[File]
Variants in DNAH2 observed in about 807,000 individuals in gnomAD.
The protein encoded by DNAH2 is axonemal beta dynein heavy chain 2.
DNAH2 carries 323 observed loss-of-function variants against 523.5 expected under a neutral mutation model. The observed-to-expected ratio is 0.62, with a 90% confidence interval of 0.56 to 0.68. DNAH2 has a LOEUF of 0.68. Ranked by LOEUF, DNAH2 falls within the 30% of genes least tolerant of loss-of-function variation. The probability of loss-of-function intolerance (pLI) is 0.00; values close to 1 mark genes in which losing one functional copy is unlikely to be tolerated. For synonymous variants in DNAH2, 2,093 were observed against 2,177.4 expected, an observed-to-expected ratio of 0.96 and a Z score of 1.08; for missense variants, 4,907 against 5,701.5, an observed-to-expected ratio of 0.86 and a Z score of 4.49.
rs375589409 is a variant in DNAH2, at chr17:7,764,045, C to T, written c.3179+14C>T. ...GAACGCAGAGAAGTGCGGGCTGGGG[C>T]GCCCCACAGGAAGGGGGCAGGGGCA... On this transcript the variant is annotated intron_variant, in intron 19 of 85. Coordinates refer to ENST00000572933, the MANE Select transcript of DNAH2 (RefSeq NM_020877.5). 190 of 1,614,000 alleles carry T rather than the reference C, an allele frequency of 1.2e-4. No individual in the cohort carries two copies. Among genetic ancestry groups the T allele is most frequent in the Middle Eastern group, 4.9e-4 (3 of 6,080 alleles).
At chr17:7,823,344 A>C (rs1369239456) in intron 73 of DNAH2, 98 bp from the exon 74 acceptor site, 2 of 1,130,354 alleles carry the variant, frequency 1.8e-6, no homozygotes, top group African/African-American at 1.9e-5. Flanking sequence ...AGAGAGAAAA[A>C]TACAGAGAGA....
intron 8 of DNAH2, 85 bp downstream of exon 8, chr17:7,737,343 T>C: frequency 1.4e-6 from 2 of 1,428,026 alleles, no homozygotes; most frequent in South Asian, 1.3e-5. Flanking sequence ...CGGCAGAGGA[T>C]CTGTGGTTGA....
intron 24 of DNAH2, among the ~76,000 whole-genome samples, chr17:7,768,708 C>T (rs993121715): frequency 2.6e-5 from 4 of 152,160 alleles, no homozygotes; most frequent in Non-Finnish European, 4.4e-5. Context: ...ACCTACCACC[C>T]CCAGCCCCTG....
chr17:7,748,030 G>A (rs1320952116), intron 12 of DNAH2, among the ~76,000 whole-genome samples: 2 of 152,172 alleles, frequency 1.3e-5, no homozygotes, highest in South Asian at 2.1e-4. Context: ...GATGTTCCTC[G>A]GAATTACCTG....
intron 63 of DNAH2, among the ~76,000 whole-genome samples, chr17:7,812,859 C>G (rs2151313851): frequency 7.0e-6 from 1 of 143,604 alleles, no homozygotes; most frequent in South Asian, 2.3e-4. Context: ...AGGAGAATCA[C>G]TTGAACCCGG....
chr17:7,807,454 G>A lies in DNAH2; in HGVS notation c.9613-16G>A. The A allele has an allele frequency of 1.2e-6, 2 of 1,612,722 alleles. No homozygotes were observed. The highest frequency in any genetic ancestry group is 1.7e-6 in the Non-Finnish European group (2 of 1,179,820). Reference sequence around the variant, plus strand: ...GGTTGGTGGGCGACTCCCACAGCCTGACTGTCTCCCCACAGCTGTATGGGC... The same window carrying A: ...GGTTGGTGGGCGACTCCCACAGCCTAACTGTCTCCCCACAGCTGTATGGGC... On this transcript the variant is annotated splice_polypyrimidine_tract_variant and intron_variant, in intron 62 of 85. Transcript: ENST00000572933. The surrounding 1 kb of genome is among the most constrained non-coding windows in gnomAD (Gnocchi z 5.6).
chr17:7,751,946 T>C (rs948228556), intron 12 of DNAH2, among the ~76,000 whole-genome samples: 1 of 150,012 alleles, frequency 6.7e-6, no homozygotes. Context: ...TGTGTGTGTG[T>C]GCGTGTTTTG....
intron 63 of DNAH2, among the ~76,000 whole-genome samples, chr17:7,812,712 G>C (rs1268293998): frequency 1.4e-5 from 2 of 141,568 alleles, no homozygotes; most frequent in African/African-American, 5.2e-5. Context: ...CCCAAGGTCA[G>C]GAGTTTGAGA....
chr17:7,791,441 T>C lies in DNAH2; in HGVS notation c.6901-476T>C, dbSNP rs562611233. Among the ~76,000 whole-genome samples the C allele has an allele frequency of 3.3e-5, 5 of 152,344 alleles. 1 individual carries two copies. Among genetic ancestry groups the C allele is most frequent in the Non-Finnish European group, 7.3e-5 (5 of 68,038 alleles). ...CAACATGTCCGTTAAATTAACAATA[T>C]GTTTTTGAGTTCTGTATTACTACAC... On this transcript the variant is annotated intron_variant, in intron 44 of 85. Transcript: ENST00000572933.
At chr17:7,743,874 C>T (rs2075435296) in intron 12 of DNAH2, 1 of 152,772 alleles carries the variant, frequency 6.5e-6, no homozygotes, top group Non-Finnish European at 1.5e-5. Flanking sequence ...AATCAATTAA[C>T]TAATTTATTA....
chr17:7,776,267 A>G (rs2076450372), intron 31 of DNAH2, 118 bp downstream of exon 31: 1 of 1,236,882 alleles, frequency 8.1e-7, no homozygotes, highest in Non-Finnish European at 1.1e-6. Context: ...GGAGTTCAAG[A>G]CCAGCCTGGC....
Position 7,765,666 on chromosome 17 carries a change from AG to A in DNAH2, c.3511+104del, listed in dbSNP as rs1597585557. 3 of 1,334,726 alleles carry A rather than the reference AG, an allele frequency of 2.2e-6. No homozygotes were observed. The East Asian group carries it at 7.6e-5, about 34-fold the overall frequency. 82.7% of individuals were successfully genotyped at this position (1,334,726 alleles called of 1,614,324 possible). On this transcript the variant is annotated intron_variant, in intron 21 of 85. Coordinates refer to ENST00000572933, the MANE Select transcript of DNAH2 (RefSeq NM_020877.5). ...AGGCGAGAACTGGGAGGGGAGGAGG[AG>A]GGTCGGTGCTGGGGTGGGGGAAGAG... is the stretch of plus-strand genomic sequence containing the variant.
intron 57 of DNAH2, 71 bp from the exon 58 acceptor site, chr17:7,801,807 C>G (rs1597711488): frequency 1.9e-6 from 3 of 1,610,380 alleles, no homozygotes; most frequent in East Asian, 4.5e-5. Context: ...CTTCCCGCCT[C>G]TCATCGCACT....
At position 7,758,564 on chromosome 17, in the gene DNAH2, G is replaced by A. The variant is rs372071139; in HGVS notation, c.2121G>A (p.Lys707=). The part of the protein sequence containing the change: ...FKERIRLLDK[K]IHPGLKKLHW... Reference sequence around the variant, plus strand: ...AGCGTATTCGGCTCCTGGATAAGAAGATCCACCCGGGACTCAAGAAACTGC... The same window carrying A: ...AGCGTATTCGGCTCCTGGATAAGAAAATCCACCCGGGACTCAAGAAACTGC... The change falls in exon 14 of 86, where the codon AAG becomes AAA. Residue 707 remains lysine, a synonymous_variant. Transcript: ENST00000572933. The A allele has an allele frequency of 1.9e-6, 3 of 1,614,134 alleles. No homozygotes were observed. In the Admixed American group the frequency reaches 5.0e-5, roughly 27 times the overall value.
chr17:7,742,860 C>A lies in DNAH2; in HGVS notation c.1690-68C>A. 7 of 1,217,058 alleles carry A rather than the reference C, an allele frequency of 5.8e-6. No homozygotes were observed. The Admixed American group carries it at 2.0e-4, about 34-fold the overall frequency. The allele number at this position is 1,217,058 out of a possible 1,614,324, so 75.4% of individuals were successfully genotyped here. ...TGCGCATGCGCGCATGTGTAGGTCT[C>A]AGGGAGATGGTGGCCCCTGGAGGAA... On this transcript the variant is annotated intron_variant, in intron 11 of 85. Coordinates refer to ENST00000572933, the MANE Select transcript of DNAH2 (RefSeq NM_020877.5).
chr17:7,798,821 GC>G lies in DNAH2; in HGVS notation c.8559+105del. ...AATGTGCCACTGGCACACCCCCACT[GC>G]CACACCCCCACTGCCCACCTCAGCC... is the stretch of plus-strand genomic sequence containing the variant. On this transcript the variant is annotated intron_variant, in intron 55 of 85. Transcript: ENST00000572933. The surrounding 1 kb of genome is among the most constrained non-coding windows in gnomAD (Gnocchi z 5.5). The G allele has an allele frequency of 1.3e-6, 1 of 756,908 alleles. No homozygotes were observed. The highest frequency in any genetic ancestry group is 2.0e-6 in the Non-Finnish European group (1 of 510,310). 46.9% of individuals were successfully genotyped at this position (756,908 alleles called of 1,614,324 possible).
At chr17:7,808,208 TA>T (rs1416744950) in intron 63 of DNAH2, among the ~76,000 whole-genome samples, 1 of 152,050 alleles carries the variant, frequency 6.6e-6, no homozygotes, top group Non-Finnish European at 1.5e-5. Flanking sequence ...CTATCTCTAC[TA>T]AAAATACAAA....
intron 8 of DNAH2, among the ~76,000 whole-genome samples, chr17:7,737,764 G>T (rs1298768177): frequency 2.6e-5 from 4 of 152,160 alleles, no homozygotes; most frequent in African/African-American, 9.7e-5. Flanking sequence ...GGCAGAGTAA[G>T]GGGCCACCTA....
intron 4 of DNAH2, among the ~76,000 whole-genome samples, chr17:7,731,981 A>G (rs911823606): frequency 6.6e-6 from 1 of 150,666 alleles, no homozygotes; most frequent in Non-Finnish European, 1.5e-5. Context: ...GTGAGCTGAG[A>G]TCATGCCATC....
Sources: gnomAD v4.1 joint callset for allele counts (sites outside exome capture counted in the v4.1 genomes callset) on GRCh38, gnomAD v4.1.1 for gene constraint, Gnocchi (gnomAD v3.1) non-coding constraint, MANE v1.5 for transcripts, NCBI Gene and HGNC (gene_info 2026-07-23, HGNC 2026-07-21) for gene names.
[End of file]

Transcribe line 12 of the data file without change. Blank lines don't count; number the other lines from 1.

intron 63 of DNAH2, among the ~76,000 whole-genome samples, chr17:7,812,712 G>C (rs1268293998): frequency 1.4e-5 from 2 of 141,568 alleles, no homozygotes; most frequent in African/African-American, 5.2e-5. Context: ...CCCAAGGTCA[G>C]GAGTTTGAGA....